Calcium and Questran both absorb the bile in the guts therefore helping the d. and I was just surprised that Jeanne was on both. I am taking Questran to hit the bile and the cholesterol but am not sure yet whether it is working (no blood test until the end of July).KathM Are you saying that it would probably be okay to take calcium as well?Jeanne - How much Questran are you taking and have you had a blood test to see if it is working on your cholesterol?Thankyou ladies.
At least some sites recommend taking Calcium if you take Questran because it can block the absorption of Calcium.I don't know if we have data that Calcium is in fact working by sequestering bile in a way that blocks you from reabsorbing it (what is needed for cholesterol lowering). It could just make it less able to be an irritant without changing how much you reuptake. To reduce cholesterol you have to block reuptake and mostly that is binding it to larger things like fiber that I've seen specifically stated. It might be you can reabsorb it when it is in a Calcium salt type of situation. (that is a small enough difference it may not effect the receptors that suck it up out of the small intestine)Most of what I found on Calcium and Cholesterol were looking at forms that are more absorbed and thinking it is working in the body rather than working on bile in the intestines.K.
Judith,I'm embarrassed to tell you I don't have my Questran dose here. I get generic in a can, and take one scoop of it, twice a day..I mix it with my fiber in a shaker and drink it down.I'll check at home and let you know what dose my doctor prescribed.No, I have not had a blood test yet. Dr. said to wait about 90 days with this med...I'll be there about mid August and will test then.Jeanne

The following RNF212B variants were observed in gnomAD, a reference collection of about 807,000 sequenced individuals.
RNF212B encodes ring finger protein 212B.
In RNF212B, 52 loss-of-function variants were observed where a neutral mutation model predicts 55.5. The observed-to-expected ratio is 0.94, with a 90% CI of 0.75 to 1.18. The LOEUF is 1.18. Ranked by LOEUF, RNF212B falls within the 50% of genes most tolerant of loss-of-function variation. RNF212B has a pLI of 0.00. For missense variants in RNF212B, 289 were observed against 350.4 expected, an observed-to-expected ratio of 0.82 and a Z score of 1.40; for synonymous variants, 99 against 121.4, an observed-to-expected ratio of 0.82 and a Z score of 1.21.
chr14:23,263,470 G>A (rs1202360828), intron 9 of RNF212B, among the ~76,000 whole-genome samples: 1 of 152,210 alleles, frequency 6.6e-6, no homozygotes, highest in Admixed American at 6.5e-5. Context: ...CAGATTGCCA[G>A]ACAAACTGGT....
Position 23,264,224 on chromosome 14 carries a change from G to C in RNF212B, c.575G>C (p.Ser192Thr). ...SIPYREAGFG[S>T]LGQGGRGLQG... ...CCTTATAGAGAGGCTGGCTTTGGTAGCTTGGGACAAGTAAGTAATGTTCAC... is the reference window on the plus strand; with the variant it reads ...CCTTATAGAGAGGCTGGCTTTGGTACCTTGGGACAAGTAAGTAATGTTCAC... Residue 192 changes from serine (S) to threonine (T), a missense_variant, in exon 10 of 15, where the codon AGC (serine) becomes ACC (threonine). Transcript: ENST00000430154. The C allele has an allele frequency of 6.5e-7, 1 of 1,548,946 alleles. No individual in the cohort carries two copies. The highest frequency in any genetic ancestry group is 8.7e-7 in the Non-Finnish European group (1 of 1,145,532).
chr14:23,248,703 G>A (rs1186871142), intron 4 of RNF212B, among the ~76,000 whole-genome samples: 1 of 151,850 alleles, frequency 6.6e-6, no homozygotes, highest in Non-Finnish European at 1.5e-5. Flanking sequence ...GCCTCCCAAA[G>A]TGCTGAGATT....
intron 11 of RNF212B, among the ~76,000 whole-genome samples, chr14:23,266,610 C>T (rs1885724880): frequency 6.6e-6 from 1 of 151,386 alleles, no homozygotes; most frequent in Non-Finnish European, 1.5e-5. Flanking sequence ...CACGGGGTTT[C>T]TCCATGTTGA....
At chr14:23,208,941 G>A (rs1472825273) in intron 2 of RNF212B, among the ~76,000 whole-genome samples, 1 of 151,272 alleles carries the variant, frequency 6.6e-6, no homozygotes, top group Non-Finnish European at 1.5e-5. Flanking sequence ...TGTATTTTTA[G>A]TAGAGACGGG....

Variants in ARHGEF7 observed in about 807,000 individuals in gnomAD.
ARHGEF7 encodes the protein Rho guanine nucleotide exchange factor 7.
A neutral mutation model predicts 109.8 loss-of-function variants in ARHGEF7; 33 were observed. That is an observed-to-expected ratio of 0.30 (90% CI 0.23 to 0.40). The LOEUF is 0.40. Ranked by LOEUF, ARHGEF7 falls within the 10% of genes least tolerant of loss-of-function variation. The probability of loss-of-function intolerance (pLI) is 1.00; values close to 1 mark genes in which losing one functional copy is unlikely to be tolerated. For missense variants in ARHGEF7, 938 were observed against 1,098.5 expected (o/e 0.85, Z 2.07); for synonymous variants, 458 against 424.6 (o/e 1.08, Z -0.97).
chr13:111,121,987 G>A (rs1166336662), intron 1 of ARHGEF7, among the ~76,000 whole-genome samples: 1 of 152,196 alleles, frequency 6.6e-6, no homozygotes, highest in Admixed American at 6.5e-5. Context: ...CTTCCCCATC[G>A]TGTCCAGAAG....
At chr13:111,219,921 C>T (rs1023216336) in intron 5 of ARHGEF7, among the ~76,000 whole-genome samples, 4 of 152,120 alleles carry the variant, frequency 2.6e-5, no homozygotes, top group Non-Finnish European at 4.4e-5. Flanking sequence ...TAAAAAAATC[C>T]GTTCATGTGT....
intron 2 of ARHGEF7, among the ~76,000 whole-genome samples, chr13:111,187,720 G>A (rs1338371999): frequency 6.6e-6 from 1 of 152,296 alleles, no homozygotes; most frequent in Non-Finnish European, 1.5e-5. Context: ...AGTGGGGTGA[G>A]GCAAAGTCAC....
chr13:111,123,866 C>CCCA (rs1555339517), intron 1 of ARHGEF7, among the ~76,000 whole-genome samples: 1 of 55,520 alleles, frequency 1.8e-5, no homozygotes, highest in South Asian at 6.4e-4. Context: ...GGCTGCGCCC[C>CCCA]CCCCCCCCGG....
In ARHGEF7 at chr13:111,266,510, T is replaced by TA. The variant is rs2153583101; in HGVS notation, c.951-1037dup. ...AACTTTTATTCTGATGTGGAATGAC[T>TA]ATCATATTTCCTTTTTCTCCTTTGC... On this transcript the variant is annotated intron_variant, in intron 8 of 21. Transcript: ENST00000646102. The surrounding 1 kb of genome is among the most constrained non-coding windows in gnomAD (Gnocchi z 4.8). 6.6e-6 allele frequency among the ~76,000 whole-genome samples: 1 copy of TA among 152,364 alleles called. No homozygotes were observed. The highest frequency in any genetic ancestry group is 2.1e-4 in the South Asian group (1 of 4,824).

Cassandrea,You may just want to stay with the calcium a little while to give it a good chance to work before adding anything else. For me Fiber only added to the cramping and bloating when I tried to take it. The less you take the better everything has some sort of side effect and the side effect of calcium carbonate is constipation and if you can dose it right it can control things expecially since you have had your GB removed.Linda
Linda,I will stick with Calcium Carbonate and give it time to work. Currently I am taking two tablets daily, one in the morning and one at night. I might need to increase it to three times a day. I will try anything. Since my GB surgery my surgeon prescribed Choltyramine(sp) light powder and all it has done for me is make me bloat and give me gas.Thanks,Cassandrea
Judith-The dose I take of generic Questran is 4 grams twice a day.It is in powder form, a scoop comes with it..the scoop is 8 grams of the med in powder...but it states that only 4 grams of each scoop contain the med...the other 4 I suppose are binding agents, flavoring, etc.I will post back on my cholesterol test in a few weeks.Jeanne
Irritable Bowel Syndrome and Digestive Health Support Forum
A forum community dedicated to Irritable Bowel Syndrome and Digestive Health Support. Come join the discussion about treatment, diet, health, lifestyles, spirituality, medication, research, recovery, and more!